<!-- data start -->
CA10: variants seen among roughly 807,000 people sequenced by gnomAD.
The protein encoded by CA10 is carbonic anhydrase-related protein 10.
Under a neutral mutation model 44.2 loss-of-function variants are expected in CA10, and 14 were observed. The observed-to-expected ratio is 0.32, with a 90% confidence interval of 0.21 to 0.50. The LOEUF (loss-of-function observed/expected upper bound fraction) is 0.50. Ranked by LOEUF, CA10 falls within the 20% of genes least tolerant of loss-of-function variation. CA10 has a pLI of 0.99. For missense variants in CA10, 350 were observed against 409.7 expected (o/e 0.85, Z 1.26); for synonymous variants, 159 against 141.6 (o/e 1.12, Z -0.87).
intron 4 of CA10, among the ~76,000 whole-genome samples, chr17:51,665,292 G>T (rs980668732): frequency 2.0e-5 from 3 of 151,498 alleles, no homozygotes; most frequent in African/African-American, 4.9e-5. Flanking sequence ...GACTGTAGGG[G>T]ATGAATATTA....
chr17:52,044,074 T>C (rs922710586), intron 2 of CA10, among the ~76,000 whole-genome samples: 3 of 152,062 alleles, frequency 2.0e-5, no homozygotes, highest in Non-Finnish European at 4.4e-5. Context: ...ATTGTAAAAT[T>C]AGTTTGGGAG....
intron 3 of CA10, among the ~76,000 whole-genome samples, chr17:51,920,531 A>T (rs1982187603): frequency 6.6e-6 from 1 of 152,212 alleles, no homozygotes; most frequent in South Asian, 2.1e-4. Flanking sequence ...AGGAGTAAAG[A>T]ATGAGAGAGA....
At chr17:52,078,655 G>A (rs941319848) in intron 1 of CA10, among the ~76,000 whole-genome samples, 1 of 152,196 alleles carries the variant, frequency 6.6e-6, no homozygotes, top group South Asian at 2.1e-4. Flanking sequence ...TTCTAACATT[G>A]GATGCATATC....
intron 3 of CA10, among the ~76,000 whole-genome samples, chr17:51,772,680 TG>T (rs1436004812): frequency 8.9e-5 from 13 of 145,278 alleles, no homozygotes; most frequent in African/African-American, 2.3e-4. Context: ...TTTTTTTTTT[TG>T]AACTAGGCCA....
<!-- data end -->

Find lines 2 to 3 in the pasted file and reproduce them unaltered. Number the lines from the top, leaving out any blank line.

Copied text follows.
The protein encoded by CA10 is carbonic anhydrase-related protein 10.
Under a neutral mutation model 44.2 loss-of-function variants are expected in CA10, and 14 were observed. The observed-to-expected ratio is 0.32, with a 90% confidence interval of 0.21 to 0.50. The LOEUF (loss-of-function observed/expected upper bound fraction) is 0.50. Ranked by LOEUF, CA10 falls within the 20% of genes least tolerant of loss-of-function variation. CA10 has a pLI of 0.99. For missense variants in CA10, 350 were observed against 409.7 expected (o/e 0.85, Z 1.26); for synonymous variants, 159 against 141.6 (o/e 1.12, Z -0.87).